CALI Conference Idea Diversity

I’ve been doing some of the think-work in preparation for the 2006 Conference for Law School Computing to be held at Nova Southeastern Shepard Broad Law Center on Thu-Sat, June 15-17, 2006.

I fear that for some attendees, this conference is getting….stale.We have consciously designed the conference to attract folks from three major communities…techies, law librarians and faculty. The original idea was that these folks didn’t interact and share ideas and concerns as often as they might and that the CALI Conference was a way to mash-up the disparate needs of these three broad communities under the common rubric of technology in legal education, research and administration within law schools.

You may or may not have noticed that the idea of "tracks" in the conference has consistently been downplayed. If you look hard, there are tracks sort of meant for faculty and sort of meant for tech staff and sort of meant for tech administrators, but the slight ambiguity was purposeful to encourage some cross fertilization of ideas.

By far, the biggest number of complaints I get are from the "hard" techies and from the faculty. Both seem to feel that the conference does not have sufficient numbers of sessions to attract their attention. It has been suggested that we be much more specific about tracking or even sponsor *seperate* conferences for different constituencies.

Both of these ideas (tracking and seperate conferences) work against the original goal of the CALI Conference and that worries me.

A second important goal of the CALI Conference was to establish a sense of professionalism for tech staff at law schools. Faculty have AALS, Librarians have AALL, techies have techie conferences like COMDEX, Educause, TechShow, etc., but nothing aimed directly at the common problems of law school computing that all tech staff confront.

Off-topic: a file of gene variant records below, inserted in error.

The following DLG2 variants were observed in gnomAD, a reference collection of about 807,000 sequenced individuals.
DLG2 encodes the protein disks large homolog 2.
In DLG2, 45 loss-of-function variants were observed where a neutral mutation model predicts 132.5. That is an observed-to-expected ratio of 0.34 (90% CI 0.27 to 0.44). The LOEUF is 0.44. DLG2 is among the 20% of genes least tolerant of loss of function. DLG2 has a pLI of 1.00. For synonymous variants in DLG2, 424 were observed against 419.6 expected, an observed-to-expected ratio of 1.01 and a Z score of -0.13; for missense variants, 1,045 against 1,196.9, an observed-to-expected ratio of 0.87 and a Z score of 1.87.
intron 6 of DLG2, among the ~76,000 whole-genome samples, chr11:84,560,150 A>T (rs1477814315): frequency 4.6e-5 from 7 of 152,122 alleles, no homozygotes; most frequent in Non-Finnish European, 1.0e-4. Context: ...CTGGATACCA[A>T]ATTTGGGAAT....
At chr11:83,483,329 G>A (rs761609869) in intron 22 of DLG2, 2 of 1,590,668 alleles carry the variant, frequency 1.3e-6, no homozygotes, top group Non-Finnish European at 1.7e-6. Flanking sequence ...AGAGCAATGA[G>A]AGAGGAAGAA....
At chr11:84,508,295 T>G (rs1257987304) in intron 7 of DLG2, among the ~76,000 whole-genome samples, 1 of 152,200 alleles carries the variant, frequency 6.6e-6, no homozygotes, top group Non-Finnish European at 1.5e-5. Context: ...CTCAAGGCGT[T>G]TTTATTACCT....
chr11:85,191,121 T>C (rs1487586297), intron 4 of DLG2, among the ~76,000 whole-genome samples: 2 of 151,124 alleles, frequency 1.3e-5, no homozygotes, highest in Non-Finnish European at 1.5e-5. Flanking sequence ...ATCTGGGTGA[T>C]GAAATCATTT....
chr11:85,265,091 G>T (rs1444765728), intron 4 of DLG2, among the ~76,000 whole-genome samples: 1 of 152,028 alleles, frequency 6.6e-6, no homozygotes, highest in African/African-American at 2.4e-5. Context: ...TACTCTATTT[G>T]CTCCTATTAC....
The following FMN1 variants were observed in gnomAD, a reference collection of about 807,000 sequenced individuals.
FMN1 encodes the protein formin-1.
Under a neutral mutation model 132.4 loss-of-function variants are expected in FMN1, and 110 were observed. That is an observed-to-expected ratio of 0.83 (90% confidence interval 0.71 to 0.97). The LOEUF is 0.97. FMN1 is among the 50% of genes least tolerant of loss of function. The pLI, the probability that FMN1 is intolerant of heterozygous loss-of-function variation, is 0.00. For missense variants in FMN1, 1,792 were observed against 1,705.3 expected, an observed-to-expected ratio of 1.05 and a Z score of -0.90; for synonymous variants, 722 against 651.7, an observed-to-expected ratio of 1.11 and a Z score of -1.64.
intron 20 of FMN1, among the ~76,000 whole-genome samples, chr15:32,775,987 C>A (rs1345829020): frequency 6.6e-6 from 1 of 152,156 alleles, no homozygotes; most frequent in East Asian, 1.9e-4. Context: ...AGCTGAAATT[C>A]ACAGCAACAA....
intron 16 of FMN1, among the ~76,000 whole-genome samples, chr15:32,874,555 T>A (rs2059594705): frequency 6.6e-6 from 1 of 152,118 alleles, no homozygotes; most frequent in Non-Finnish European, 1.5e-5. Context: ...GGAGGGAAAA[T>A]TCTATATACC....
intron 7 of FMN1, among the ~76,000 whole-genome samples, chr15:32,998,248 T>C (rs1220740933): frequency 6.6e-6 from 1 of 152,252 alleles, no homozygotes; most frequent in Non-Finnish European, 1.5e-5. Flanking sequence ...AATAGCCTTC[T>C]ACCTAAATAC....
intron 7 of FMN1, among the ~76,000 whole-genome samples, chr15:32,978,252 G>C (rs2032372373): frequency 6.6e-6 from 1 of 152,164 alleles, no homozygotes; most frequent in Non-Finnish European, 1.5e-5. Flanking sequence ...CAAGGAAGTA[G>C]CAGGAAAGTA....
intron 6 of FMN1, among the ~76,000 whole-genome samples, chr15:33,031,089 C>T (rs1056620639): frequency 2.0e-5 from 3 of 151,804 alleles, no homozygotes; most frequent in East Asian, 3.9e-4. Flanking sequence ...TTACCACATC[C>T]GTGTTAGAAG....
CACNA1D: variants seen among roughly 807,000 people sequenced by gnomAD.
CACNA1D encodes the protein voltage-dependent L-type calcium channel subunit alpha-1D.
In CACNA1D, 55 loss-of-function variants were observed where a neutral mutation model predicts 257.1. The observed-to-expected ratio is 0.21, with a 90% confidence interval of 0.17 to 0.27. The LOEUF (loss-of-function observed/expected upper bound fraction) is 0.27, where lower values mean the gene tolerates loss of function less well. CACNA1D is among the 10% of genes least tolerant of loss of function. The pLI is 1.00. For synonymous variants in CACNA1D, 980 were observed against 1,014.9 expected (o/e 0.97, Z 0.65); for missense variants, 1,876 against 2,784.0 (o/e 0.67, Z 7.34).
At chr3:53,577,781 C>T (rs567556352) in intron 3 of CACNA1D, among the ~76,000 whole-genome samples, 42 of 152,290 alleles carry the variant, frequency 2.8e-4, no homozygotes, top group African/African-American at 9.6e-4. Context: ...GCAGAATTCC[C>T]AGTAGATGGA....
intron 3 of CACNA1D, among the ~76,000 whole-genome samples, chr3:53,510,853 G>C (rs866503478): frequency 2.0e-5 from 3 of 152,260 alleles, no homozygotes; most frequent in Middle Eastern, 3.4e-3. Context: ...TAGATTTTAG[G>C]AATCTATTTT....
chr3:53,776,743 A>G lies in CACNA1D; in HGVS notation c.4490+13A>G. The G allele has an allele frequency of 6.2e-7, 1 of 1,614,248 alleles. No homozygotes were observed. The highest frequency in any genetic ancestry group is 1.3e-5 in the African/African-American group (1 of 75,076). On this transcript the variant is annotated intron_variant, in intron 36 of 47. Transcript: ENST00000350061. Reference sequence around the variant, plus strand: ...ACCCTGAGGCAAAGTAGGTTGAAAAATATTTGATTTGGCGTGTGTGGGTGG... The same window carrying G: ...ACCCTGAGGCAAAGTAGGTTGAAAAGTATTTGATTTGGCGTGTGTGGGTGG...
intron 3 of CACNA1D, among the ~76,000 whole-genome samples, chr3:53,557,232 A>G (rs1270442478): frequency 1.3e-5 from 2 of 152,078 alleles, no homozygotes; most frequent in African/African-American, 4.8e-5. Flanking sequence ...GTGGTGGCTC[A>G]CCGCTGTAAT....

Balance, I believe, is important, but I struggle to find that balance every year. I fear that new tech staff don’t know about the conference and that the sense of Law School IT Professionals has diminished as our jobs have diversified and roles have become both more defined and less defined.

More defined in the sense that 10 years ago, the typical law school IT staffer was a "jane/jack-of-all-trades". This is less so today where responsibilities are more clearly defined and we only need (or want) to know about things that are specific to our roles within our institutions.

When I was Director of Computing Services at Chicago-Kent, I adminstered the network, programmed in dBase and VB, repaired and sold student and faculty computers, changed toner cartridges and created strategic plans for future IT initiatives. Today, these responsbilities would fall under network administrator, programmer, help desk, lab technician and CIO/Director with much clearer lines of delineation. Of course, today, you must add a plethora of new responsibilities…webmaster, faculty liaison, classroom technology, instructional design and support, audio/visual….forgive me if I don’t list everything here.

Less defined in the sense that what we do in law schools is no different than what anyone does in any school and so a conference aimed at "law school" computing makes less sense today. I don’t believe this. There are all sorts of things that make law schools different from anything else, but this requires us to realize that we need to understand our institutional goals and not just our technology. The more defined our roles as webmasters, programmers, network administrators et al, the less we see the "law school" differentiator in them.

I ran across a very interesting article that sparked this post

Give it a read and tell me what we can do so that the CALI Conference remains relevant, interesting and valuable.

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